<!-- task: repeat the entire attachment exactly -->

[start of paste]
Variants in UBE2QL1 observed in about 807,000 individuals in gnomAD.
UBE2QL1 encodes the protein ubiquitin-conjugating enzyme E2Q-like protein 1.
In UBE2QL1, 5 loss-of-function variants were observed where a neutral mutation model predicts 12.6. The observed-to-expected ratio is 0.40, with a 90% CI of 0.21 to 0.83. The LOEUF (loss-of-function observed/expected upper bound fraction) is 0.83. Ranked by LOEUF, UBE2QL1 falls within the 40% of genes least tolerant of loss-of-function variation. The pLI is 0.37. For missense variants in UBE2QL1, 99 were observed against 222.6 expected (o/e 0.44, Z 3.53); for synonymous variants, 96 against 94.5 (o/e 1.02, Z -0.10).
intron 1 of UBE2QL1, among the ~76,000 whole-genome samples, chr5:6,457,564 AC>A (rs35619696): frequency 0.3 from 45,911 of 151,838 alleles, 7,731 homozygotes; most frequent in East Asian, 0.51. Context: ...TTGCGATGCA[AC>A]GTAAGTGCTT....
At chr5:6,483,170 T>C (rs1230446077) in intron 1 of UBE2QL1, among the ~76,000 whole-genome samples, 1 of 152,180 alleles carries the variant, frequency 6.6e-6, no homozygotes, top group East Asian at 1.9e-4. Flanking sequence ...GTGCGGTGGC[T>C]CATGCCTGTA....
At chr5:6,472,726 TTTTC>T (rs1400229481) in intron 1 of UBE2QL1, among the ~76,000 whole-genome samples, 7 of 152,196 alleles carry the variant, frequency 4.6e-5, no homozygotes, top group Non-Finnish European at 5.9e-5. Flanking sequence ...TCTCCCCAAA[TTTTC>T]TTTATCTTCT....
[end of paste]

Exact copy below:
Variants in UBE2QL1 observed in about 807,000 individuals in gnomAD.
UBE2QL1 encodes the protein ubiquitin-conjugating enzyme E2Q-like protein 1.
In UBE2QL1, 5 loss-of-function variants were observed where a neutral mutation model predicts 12.6. The observed-to-expected ratio is 0.40, with a 90% CI of 0.21 to 0.83. The LOEUF (loss-of-function observed/expected upper bound fraction) is 0.83. Ranked by LOEUF, UBE2QL1 falls within the 40% of genes least tolerant of loss-of-function variation. The pLI is 0.37. For missense variants in UBE2QL1, 99 were observed against 222.6 expected (o/e 0.44, Z 3.53); for synonymous variants, 96 against 94.5 (o/e 1.02, Z -0.10).
intron 1 of UBE2QL1, among the ~76,000 whole-genome samples, chr5:6,457,564 AC>A (rs35619696): frequency 0.3 from 45,911 of 151,838 alleles, 7,731 homozygotes; most frequent in East Asian, 0.51. Context: ...TTGCGATGCA[AC>A]GTAAGTGCTT....
At chr5:6,483,170 T>C (rs1230446077) in intron 1 of UBE2QL1, among the ~76,000 whole-genome samples, 1 of 152,180 alleles carries the variant, frequency 6.6e-6, no homozygotes, top group East Asian at 1.9e-4. Flanking sequence ...GTGCGGTGGC[T>C]CATGCCTGTA....
At chr5:6,472,726 TTTTC>T (rs1400229481) in intron 1 of UBE2QL1, among the ~76,000 whole-genome samples, 7 of 152,196 alleles carry the variant, frequency 4.6e-5, no homozygotes, top group Non-Finnish European at 5.9e-5. Flanking sequence ...TCTCCCCAAA[TTTTC>T]TTTATCTTCT....